Ramadan cannon: The history behind a cultural phenomenon


The Ramadan cannon is an integral part of the rich fabric which constitutes Islamic culture in Middle Eastern society. This tradition is cherished by many Islamic countries across the Arab world. In some areas, the task is taken up by military personnel who are tasked with firing the cannon at sunset sharp, signaling the moment when Muslims may break their fast during Ramadan.

Ramadan cannon

This enduring ritual became a unique characteristic distinguishing Ramadan in the region. During the holy month, Muslim families gather right before sunset awaiting the cannon’s boom as they enthusiastically prepare iftar. Children often cheer “Iftar cannon, fire!” before and after the cannon sounds; a phrase that is music to the ears of everybody, especially kids. Children also set off fireworks before sunset in order to reenact the sounds of the cannon, a phenomenon which has traveled into many Egyptian homes and created a popular ritual in the country.

Old Ramadan cannon


History shows that Muslims during the Prophet’s time used to eat and drink from sunset until bedtime. When they started using the call to prayer (adhan), the Prophet’s companions Belal and Ibn Maktoum excelled in performing the ritual as it became their guide in announcing the start of iftar during Ramadan.

Though many Muslims racked their brains attempting to invent different methods to announce the moment to break fast besides the adhan, their efforts were in vain.

Haja Fatma’s iftar cannon

A tale from history suggests that Cairo witnessed the first firing of the Ramadan cannon. At the sunset of the first day of Ramadan in 865 AH, Mamluk Sultan Khashqdem wanted to test a new cannon. He fired the cannon accidentally at exactly the time of sunset giving people the impression that the sultan did this on purpose in order alert worshipers to iftar. Masses of people went to the sultan’s headquarters to thank him for this successful innovation. When the sultan saw their happiness, he is said to have decided on continuing to fire the cannon at sunset. It is also said that he had subsequently decided to fire it at suhour (the last meal you eat before fasting during Ramadan) and imsak (abstinence from suhour).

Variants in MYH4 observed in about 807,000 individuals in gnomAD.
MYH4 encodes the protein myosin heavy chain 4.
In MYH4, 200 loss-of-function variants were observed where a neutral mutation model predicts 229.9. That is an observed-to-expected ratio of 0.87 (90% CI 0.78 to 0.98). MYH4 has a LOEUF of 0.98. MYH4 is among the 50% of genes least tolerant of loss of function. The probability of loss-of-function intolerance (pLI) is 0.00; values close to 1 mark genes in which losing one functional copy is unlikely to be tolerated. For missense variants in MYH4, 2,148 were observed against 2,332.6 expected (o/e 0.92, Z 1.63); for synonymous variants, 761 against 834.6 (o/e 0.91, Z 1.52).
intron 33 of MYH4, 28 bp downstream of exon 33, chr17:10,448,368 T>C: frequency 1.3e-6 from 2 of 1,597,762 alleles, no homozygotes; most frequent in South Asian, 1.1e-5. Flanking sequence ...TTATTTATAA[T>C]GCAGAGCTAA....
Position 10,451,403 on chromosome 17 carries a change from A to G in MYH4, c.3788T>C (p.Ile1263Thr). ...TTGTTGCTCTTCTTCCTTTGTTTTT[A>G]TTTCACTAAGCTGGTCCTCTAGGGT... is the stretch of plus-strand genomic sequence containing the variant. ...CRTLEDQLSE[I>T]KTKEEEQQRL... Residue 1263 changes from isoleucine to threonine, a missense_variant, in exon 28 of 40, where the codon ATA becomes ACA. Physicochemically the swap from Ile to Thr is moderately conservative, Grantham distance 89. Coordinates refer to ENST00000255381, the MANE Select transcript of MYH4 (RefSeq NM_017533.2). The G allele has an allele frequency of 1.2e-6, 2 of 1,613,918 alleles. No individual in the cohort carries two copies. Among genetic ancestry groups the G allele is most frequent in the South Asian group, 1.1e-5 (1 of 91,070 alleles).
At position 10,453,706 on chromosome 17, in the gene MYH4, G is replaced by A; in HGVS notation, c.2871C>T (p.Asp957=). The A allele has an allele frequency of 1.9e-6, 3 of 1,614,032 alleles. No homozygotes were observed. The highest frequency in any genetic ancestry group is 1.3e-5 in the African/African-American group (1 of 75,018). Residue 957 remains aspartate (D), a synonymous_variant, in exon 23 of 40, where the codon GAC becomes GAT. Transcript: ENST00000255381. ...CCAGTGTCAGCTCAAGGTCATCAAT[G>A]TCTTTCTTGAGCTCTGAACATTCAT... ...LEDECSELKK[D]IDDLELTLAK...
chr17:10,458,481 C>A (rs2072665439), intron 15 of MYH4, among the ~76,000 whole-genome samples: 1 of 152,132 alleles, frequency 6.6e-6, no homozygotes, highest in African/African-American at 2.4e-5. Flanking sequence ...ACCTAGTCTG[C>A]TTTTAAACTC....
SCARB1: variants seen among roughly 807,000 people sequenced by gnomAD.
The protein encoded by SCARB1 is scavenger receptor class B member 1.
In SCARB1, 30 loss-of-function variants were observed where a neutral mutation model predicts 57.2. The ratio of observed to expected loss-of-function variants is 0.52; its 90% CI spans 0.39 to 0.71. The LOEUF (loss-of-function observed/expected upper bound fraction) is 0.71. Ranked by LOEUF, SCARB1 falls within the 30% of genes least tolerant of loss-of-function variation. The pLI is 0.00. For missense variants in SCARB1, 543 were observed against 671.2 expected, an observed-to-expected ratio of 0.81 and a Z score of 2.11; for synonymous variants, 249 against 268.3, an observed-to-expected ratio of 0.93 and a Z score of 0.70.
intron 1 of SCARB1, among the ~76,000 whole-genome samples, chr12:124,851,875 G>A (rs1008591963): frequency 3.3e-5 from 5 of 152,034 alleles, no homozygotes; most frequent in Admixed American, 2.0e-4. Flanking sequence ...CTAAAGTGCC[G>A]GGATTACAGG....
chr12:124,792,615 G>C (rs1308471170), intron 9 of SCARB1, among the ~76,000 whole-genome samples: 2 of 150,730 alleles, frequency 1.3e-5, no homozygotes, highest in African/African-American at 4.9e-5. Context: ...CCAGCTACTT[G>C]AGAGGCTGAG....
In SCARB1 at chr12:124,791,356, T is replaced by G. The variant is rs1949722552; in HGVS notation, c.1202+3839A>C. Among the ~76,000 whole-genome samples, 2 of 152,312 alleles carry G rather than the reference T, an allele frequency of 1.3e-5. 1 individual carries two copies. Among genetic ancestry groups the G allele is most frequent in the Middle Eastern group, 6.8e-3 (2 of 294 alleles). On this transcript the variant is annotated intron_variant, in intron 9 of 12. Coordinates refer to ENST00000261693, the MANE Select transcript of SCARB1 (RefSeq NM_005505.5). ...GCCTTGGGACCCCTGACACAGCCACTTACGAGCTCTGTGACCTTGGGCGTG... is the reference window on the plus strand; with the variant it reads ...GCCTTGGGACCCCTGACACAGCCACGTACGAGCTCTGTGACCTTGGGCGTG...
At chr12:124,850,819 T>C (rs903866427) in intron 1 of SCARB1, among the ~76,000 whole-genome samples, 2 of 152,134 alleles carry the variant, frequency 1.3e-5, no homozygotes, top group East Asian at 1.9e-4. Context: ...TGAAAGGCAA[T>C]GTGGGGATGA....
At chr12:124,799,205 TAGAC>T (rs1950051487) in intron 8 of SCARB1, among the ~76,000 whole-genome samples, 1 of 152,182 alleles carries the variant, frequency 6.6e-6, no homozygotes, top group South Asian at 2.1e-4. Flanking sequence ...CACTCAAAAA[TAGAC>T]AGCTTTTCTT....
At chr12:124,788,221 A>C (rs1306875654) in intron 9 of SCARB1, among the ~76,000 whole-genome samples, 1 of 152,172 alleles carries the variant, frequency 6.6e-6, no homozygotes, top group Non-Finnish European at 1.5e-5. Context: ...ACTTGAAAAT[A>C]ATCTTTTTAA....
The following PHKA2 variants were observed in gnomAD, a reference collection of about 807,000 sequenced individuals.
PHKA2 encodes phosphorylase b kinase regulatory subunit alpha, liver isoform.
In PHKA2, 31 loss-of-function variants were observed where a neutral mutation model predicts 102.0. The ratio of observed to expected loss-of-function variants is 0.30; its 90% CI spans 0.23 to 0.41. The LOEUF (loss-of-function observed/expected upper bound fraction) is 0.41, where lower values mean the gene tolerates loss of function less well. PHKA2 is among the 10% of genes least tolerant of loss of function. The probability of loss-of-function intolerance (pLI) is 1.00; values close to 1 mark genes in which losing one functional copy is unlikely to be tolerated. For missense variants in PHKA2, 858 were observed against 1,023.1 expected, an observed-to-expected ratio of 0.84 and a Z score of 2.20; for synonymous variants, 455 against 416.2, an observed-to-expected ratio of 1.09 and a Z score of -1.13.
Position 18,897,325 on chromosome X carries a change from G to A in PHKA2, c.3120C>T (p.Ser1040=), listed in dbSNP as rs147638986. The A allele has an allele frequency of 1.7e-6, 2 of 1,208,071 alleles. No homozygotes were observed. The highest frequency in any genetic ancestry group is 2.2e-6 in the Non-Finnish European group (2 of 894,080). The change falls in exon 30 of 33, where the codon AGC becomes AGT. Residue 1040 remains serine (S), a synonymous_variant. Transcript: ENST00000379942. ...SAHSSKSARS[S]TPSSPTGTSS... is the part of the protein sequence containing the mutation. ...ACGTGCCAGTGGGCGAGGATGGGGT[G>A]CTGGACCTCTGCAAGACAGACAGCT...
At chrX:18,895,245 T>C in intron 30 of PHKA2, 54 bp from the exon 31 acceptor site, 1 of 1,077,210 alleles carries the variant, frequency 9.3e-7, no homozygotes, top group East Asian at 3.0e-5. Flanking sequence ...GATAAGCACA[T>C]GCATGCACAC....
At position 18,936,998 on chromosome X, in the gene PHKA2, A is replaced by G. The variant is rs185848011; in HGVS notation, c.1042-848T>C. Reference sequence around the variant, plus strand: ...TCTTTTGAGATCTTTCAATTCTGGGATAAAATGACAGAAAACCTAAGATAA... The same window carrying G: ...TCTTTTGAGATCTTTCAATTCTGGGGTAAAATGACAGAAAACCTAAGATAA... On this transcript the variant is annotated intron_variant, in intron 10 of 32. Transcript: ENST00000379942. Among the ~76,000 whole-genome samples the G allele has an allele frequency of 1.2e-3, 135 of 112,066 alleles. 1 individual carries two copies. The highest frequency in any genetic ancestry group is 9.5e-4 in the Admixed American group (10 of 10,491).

Haja Fatma’s iftar cannon

Another story says that mere coincidence led to the emergence of the Ramadan cannon and that there was no intention to use it this way at all. It is said that during the time of Khedive Ismael, some soldiers were cleaning one of the cannons and they fired it by mistake at sunset on a day during Ramadan. People thought the government was following a new tradition to announce iftar, making it the talk of the town. Supposedly, Khedive Ismael’s daughter, Haja Fatma, learned about this incident. She was famous for her love of charity and science, and is known for having donated her land to establish Cairo University. Fatma liked the Ramadan cannon idea and issued a royal decree to use it at iftar and imsak along with other official holidays.

The Ramadan cannon was firing live ammunition until 1859 AD when a switch was made to use blank ammunition due to urban expansion in the castle’s surrounding areas.

At the beginning of the 1980’s, Egyptian authorities decided to fire the cannon from Saladin citadel at iftar and suhour during the entire month of Ramadan. However, at the start of 1990’s, the Egyptian Antiquities Authority asked the interior ministry to stop firing it there for fear of damaging the place, which is considered an open Islamic museum. Until today, Egyptians hear the sound of the Ramadan cannon on radios and TV channels. It is regarded as a genuine Ramadan legacy and a time-honoured tradition.

The Ramadan cannon

Traversing borders

Since Cairo was considered the beacon of light among Arab world capitals and the favourite destination for orientalists and travellers, the idea of the Ramadan cannon spread from the Egyptian capital to other Islamic countries. The innovative idea traveled to Jerusalem, Damascus, and then Baghdad at the beginning of the 19th century. It moved from Baghdad to Kuwait wherein the first cannon in the country’s capital was setup during the reign of Sheikh Mubarak Al-Sabah in 1907. It also reached other Gulf States, before oil extraction began, and then moved to Yemen, Sudan and sub-Saharan states in Africa. Later, the Ramadan cannon reached the Far East, and the idea was implemented in Indonesia in 1944.

Ramadan cannon in a Gulf country

The moment of firing the cannon of Ramadan, Sheikh Zayed Mosque.